I had an offer from a Spanish company last month and I accepted it. And because I am a non EU citizen I need Visa process to be completed before I can join I am waiting for some documents here in my country to start Visa application for Spain. Till now nothing is started regarding work permit or Visa in Spain. Due to expected delay in process I am starting the Spanish company as a Freelancer after signing the contract next month. That's half of the situation.

Now I have another offer in Germany that I have also accepted and going to sign a contract to start my Visa process for Germany. Remember no process for Visa is started for Spain till now.

Now my question is that is this whole scenario valid? Or will I face any problem?

Because I personally want to join German company that's why I am starting its Visa process first but I also want to have a back up so I am starting Spanish company as a Freelancer with contract but not starting its Visa process.

  • 1
    You are not giving enough context. Without knowing the terms of your agreement with the company from Spain it is impossible to assess whether or not you might incur breach of contract. The fact that "till now nothing is started" regarding Spain does not necessarily mean that agreement is voidable by you. – Iñaki Viggers Jun 23 at 9:41
  • Basically I have not signed any sort of contract with Spanish company. I have just accepted their offer letter which states that it will be a full time permanent position but in addition to this the offer letter says that: "This letter has no legal affects". – shazib ali Jun 23 at 11:54
  • You're double-dealing with the Spanish company; behaving this way is a form of dishonesty. "No legal effect" doesn't mean no effect. If you end up going with the German company, and the Spanish company finds out about it (and they probably will, they're interested in you and will wonder where you've disappeared to), your reputation may be negatively impacted. – DavidSupportsMonica Jun 23 at 14:51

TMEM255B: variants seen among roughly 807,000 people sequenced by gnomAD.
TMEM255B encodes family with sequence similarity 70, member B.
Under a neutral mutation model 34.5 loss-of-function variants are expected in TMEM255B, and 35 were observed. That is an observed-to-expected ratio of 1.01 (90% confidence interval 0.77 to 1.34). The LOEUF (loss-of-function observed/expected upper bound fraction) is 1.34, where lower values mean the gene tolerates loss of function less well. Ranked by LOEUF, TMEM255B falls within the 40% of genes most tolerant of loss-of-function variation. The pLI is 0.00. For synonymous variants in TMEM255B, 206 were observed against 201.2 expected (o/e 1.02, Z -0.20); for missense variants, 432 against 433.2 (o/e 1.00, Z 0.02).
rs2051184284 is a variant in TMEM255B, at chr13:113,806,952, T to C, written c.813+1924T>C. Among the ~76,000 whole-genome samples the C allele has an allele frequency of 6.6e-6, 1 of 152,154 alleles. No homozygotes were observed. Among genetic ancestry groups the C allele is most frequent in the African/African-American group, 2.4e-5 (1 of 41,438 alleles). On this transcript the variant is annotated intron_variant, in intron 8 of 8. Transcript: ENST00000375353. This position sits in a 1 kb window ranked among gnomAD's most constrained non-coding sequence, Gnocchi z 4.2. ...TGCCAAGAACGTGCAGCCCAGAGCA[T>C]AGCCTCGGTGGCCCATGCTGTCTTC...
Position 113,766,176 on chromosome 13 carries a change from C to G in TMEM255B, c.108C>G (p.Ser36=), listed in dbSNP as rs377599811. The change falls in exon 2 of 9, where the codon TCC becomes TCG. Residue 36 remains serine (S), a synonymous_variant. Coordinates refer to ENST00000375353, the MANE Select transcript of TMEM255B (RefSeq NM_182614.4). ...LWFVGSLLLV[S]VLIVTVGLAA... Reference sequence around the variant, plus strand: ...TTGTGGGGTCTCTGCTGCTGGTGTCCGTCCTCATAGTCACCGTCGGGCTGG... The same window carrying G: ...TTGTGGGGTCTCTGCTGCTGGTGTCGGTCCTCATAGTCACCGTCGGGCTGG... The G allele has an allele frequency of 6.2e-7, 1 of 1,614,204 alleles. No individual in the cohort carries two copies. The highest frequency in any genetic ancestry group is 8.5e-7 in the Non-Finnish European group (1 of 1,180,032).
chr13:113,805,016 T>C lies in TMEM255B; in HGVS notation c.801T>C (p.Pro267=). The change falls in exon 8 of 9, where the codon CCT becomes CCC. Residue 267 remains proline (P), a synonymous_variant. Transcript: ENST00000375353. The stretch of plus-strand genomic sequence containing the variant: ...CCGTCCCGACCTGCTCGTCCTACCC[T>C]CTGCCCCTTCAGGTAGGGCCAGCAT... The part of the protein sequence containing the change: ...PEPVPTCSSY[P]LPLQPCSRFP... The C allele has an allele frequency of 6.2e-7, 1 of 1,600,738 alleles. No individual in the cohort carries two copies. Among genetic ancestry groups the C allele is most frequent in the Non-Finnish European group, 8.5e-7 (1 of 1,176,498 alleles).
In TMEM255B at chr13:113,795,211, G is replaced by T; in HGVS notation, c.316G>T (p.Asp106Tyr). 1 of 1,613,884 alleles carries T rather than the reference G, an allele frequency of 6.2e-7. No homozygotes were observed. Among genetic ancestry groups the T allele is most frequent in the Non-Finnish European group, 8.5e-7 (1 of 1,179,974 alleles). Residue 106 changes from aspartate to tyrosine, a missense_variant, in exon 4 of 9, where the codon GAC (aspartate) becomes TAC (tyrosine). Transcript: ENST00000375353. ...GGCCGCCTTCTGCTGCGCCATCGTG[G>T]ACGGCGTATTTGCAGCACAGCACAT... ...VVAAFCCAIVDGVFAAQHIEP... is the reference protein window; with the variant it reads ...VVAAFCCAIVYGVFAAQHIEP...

• Seconding @DavidSupportsMonica. If you've received an offer letter, whether or not it has legal effect, and especially if these companies or the divisions within the companies work in the same industry, the potential harm to your reputation doesn't seem worth whatever it is you're trying to do. You are in a good position, in driver's seat, so to speak, with two offers from presumably two good companies. Pick the one that will suit you best long-term and go with it! – A.fm. Jun 29 at 17:42
  • Seconding @A.fm. If your acceptance of the offer from the German company has been acknowledged by the German company, then move forward with the German company and tell the Spanish company that you've accepted another offer. – DavidSupportsMonica Jun 29 at 19:56

is this whole scenario valid?

Yes. This is as valid as the company's right to move forward with multiple candidates simultaneously (without letting you know whatsoever) and see which hiring process is most feasible or convenient. At this point there is no indication that you or the company are subject to some sort of exclusivity, not even from a moral or reputational standpoint (contrary to the suggestion in this comment). Thus, there is no reason why you should impose on yourself a unilateral constraint in a context of ambiguity like the one you describe.

The disclaimer that "This letter has no legal effects" implies that neither you nor the company from Spain can reasonably expect a commitment from the counterparty. You yourself point out that the visa process has not even started. The company's letter is merely an expression of its interest in your skills set. In this sense it reciprocates your expression of interest (from when you applied for the job), which does not restrict the company's right to eventually decline your application either. Once the company wishes to upgrade to a less ambiguous status, it can start by informing you accordingly and proceed based on your response.

Furthermore, the prolonged uncertainty of both processing and granting of your visa in a country would make it inequitable to preclude you from trying to secure a job elsewhere. The company from Spain can likewise seek arrangements elsewhere to overcome that same uncertainty. Just as a matter of equity, either party ought to inform the counterparty if it decides to rescind the relation or withdraw therefrom.

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